Iceland volcano eruptions continue, flights cancelled
May 24, 2011, 13:12 GMT
A NASA handout natural-color satellite image dated 22 May 2011 and made available 23 May 2011. EPA/NASA, GSFC, MODIS Rapid Response Team
Reykjavik/Stockholm - Ash from an erupting Icelandic volcano forced the cancellation Tuesday of some 250 flight cancellations in Europe, mainly in British airspace.
The Brussels-based association of European air traffic controllers, Eurocontrol, said there was also 'a strong possibility' that parts of Denmark and southern Scandinavia would be affected.
When Grimsvotn erupted Saturday it created a plume about 20 kilometres high. By Monday it was between 8 to 10 kilometres, and on Tuesday the Icelandic Meteorological Office said the plume was lower, at between 3 and 5 kilometres.
'There is much less activity in the volcano, less tremors, lower plume and less ash,' Urdur Gunnarsdottir of the Icelandic civil protection and emergency agency told the German Press Agency dpa.
A year ago, a volcano that erupted under the Eyjafjallajokull glacier caused major disruptions to air traffic in Europe, with hundreds of flights grounded for days due to mechanical safety concerns over the volcanic ash cloud.
Following the disruptions in 2010, European transport ministers and authorities introduced rules on flying based on ash concentration. Flying was banned in the high-risk zone, but individual countries were allowed to decide whether to allow flights in the medium-risk zone.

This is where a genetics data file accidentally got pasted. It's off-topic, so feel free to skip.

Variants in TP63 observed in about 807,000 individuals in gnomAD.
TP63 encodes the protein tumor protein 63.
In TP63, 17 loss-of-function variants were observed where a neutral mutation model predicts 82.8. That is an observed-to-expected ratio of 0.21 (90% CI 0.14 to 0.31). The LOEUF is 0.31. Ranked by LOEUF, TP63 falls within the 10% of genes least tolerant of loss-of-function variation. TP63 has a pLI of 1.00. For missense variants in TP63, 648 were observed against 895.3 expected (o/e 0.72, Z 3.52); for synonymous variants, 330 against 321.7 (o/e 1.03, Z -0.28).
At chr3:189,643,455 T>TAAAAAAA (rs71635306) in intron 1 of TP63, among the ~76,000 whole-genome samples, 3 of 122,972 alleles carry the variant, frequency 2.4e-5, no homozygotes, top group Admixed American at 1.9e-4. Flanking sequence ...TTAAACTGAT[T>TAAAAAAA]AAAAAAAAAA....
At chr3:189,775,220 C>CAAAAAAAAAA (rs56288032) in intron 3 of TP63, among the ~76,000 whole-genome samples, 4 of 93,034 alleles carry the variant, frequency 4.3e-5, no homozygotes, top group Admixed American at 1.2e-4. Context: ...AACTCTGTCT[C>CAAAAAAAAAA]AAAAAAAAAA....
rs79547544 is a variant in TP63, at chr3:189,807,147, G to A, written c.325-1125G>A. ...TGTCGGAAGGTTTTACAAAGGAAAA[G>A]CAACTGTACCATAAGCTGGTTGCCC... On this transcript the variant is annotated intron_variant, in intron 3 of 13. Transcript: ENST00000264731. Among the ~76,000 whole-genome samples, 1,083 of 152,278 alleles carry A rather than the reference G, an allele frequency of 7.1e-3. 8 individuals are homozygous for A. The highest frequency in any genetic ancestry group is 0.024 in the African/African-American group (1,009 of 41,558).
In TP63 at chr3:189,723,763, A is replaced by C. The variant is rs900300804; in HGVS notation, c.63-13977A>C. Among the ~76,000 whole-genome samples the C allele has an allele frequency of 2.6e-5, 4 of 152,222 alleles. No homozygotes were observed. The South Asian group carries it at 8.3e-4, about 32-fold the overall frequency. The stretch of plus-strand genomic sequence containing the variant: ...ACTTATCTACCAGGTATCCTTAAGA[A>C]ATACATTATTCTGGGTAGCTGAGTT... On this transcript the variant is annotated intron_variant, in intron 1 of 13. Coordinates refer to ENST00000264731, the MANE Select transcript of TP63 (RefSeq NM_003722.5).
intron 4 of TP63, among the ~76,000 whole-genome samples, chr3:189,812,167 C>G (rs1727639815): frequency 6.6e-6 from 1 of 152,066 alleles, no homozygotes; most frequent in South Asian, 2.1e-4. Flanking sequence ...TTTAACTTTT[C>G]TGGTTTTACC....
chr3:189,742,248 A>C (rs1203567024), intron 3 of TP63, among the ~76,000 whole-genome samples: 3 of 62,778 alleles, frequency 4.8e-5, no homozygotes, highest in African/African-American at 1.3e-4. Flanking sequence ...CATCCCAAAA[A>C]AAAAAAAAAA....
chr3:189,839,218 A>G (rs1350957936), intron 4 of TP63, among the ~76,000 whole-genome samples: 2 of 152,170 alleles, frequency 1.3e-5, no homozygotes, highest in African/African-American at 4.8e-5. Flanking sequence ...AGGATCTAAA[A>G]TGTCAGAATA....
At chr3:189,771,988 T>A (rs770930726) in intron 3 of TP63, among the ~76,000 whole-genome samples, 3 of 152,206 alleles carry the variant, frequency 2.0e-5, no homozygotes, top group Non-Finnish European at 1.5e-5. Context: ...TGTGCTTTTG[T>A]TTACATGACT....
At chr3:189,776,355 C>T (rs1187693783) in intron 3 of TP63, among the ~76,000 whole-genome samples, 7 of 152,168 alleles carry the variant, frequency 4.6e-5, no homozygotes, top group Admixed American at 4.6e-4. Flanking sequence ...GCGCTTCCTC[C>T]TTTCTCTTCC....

Data from the Volcanic Ash Advisory Centre (VAAC) in London that tracks the ash cloud is a key source.
In Brussels, EU Transport Commissioner Siim Kallas Tuesday said there were plans in place to call a meeting of EU transport ministers if needed but measures introduced after the 2010 eruption appeared sufficient 'to maintain the majority of flights.'
Scandinavian aviation authorities were preparing for disruptions, pending on the level of ash concentration. Some flights from airports in western Norway were cancelled over the ash, aviation agency Avinor said.
Passengers were advised to regularly check websites operated by airlines, travel operators or airports they were leaving from.
British Airways, KLM, Aer Lingus, EasyJet and Ryanair were among airlines that earlier cancelled flights from all Scottish airports to destinations within Britain and abroad.
Iceland late Monday reopened all its international airports, including the main international airport at Keflavik.
Ash continued to fall in Iceland, affecting farms and communities south of the volcano and in combination with strong winds created an 'ash blizzard' with very poor visibility, Teitur Arason of the Meteorological Office said.
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